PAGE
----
Cut Copy Urges You to 'Free Your Mind'

For their fourth LP, the Aussie danceniks go off the grid

cut copy in the studio, free your mind
Cut Copy in the studio
WRITTEN BY
Harley Brown

A few months into making his band's new album, Free Your Mind, Cut Copy frontman Dan Whitford had an epiphany. His band was working with a batch of songs he had been writing at the rate of one-a-day, the lot of them split evenly between bombastically blissed-out dance tracks and guitar-based, shoegaze-informed psychedelia. "Do we have two records here?" Whitford remembers wondering, just before realizing they weren't all that different. "It was united by a slightly hippie vibe, a freedom and a euphoria," he says. Later, it dawned on him that a similar mindset linked the two "Summers of Love": 1967's Beat-inspired reaction to the Vietnam War and the rise of rave in Britain at the close of the 1980s.

The latter in particular resonated a great deal with Whitford, who had just rediscovered the underground dance scene in Cut Copy's home of Melbourne, after 18 months spent touring in support of their last record, 2011's Zonoscope. "I got this real sense of tribes and little subcultures within dance music," he says. While spinning for one of these communities at a bi-monthly dance night, he adds, "I just felt so many vibes." He started digging into formative house music from Detroit, Chicago, and the U.K. – A Guy Called Gerald, the Orb, the KLF – and the bands they influenced, like Primal Scream and the Happy Mondays. "Coming out of [Margaret] Thatcherism, it opened up in people's eyes this positive time," he says. "Big dance parties, and the way DJs would mix records: It's a blueprint for modern dance music."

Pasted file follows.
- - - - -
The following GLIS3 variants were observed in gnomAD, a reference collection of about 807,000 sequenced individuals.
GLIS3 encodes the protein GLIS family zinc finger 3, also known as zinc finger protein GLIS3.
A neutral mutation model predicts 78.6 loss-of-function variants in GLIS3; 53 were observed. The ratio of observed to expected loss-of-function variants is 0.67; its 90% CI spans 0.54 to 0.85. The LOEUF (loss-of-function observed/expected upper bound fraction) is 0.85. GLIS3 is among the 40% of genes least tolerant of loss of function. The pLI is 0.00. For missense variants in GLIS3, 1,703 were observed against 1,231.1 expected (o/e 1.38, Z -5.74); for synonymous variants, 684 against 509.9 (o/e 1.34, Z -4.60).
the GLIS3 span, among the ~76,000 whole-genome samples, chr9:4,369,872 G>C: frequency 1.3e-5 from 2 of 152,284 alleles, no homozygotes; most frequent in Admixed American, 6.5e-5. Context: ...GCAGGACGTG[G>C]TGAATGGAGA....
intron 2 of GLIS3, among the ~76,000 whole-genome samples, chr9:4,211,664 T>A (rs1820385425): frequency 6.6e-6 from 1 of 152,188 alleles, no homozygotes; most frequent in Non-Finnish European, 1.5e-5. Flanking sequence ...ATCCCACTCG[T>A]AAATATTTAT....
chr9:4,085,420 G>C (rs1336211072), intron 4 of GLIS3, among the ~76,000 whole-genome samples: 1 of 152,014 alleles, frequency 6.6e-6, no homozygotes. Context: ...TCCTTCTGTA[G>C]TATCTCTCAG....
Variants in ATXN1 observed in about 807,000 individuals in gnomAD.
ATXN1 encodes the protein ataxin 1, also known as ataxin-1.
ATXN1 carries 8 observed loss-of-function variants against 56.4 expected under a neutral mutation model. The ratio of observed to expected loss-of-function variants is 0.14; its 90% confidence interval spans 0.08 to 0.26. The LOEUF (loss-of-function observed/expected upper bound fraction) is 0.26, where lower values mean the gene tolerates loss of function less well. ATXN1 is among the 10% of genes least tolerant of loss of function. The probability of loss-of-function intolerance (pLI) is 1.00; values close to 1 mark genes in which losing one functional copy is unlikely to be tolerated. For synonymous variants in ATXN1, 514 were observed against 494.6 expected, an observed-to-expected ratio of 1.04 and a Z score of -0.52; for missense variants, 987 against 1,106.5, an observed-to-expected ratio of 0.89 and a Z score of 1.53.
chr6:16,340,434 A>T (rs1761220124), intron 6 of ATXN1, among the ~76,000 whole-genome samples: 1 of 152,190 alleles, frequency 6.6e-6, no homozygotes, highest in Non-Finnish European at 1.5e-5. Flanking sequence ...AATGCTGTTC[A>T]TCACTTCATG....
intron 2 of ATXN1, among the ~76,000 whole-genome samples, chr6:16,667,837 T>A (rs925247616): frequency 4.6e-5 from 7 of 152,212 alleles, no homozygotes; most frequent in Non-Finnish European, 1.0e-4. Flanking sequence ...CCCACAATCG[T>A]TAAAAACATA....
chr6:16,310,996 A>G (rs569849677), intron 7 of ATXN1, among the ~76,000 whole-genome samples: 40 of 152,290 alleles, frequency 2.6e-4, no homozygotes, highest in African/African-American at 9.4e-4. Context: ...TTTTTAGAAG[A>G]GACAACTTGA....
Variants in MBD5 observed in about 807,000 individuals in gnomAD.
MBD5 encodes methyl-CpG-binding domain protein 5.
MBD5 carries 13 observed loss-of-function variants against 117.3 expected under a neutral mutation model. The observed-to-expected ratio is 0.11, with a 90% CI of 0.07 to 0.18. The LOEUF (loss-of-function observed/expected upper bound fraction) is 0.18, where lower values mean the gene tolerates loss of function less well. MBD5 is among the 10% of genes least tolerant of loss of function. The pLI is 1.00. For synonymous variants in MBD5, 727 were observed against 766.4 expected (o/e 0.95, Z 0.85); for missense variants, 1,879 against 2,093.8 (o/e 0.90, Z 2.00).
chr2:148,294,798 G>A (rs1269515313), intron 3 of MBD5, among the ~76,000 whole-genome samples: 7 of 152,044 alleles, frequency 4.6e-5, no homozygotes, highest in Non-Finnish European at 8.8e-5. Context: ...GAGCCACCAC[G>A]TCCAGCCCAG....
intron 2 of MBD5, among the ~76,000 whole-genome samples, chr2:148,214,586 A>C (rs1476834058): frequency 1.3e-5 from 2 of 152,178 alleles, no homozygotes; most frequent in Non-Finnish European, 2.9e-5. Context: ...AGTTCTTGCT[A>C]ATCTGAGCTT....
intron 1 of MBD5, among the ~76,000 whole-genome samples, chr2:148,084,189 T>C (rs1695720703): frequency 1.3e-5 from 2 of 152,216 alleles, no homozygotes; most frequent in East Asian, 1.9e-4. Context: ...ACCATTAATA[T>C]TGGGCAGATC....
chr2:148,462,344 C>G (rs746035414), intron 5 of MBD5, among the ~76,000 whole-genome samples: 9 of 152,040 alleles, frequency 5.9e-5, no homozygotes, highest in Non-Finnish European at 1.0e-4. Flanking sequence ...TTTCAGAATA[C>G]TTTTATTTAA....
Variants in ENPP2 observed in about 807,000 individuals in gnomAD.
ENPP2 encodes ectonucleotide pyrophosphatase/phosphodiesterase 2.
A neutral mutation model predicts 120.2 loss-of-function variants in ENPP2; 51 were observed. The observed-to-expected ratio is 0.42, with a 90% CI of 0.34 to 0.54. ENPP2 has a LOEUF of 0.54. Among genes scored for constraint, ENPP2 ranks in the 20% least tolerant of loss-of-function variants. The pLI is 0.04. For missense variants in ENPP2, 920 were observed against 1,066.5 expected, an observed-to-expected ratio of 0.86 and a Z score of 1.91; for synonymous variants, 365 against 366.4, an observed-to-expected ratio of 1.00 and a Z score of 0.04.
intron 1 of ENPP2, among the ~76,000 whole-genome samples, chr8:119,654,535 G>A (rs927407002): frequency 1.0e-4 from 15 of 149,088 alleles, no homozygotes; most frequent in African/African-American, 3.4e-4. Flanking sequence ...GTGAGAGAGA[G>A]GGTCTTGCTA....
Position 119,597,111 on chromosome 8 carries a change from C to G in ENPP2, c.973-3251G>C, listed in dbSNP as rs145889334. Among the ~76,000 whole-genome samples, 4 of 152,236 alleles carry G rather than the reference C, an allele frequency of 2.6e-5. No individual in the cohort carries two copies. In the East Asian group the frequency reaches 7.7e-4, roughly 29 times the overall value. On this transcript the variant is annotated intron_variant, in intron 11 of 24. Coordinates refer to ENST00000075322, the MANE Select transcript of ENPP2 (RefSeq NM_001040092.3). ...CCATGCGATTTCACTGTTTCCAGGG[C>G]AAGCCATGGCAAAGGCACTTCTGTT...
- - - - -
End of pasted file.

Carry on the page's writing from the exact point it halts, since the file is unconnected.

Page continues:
Once everything came together, Cut Copy decided to work with producer Dave Fridmann, who's worked with musicians both trippy (Neon Indian) and trippier (Flaming Lips). They flew halfway around the world to Fridmann's studio in upstate New York, which wasn't so far removed from the abandoned warehouses and secluded fields where British promoters threw unlicensed raves some 20 years ago. Except this time there were local hunters' dogs "trained to hunt things running along the road," so when Whitford went jogging, as he likes to do, Fridmann told him to bring a rock to throw just in case. Despite the threat of being mauled, Whitford says those few weeks, which he also spent cooking communal meals for everyone, made for a memorable recording experience.

Back in the real world and wary of instantly forgettable Soundcloud song premieres, Cut Copy took that process off the grid as well. Fans could only access their fourth LP's title track via smartphone while standing underneath "Free Your Mind" billboards in remote locations around the world. Copies of the next single, "Let Me Show You Love," were only available at Chicago's Pitchfork Music Festival, where the band pressed and monogrammed 120 twelve-inches on-site. "Everyone encounters music on the internet," Whitford says. "Making music available only through real-world scenarios seems a lot more interesting. If a few people complained that it wasn't delivered straight to their music box, that's missing the point." So, naysayers: Go dance in the fields already, think outside the music box, and get ready to free your mind.

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